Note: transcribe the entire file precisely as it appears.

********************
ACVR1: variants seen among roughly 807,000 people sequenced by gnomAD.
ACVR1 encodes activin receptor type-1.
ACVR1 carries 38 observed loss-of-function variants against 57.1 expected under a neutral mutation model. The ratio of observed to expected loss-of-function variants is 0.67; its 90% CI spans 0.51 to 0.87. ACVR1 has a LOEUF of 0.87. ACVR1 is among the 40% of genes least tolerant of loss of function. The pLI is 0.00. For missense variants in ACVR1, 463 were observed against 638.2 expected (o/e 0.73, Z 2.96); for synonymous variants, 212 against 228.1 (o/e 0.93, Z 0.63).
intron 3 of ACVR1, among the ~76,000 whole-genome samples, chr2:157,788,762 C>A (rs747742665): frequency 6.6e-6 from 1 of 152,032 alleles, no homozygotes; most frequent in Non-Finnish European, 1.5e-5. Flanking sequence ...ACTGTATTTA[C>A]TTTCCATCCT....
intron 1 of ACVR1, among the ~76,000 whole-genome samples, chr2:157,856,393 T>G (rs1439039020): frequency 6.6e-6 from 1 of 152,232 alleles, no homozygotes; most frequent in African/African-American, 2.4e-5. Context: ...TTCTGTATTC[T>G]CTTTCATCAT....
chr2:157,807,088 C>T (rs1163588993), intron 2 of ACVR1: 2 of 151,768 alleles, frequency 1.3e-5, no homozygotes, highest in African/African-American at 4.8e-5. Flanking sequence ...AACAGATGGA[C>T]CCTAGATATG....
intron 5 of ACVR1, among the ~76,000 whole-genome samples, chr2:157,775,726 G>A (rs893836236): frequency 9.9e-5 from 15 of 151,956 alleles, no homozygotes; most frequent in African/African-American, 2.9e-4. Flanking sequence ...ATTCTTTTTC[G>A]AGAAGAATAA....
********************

ACVR1: variants seen among roughly 807,000 people sequenced by gnomAD.
ACVR1 encodes activin receptor type-1.
ACVR1 carries 38 observed loss-of-function variants against 57.1 expected under a neutral mutation model. The ratio of observed to expected loss-of-function variants is 0.67; its 90% CI spans 0.51 to 0.87. ACVR1 has a LOEUF of 0.87. ACVR1 is among the 40% of genes least tolerant of loss of function. The pLI is 0.00. For missense variants in ACVR1, 463 were observed against 638.2 expected (o/e 0.73, Z 2.96); for synonymous variants, 212 against 228.1 (o/e 0.93, Z 0.63).
intron 3 of ACVR1, among the ~76,000 whole-genome samples, chr2:157,788,762 C>A (rs747742665): frequency 6.6e-6 from 1 of 152,032 alleles, no homozygotes; most frequent in Non-Finnish European, 1.5e-5. Flanking sequence ...ACTGTATTTA[C>A]TTTCCATCCT....
intron 1 of ACVR1, among the ~76,000 whole-genome samples, chr2:157,856,393 T>G (rs1439039020): frequency 6.6e-6 from 1 of 152,232 alleles, no homozygotes; most frequent in African/African-American, 2.4e-5. Context: ...TTCTGTATTC[T>G]CTTTCATCAT....
chr2:157,807,088 C>T (rs1163588993), intron 2 of ACVR1: 2 of 151,768 alleles, frequency 1.3e-5, no homozygotes, highest in African/African-American at 4.8e-5. Flanking sequence ...AACAGATGGA[C>T]CCTAGATATG....
intron 5 of ACVR1, among the ~76,000 whole-genome samples, chr2:157,775,726 G>A (rs893836236): frequency 9.9e-5 from 15 of 151,956 alleles, no homozygotes; most frequent in African/African-American, 2.9e-4. Flanking sequence ...ATTCTTTTTC[G>A]AGAAGAATAA....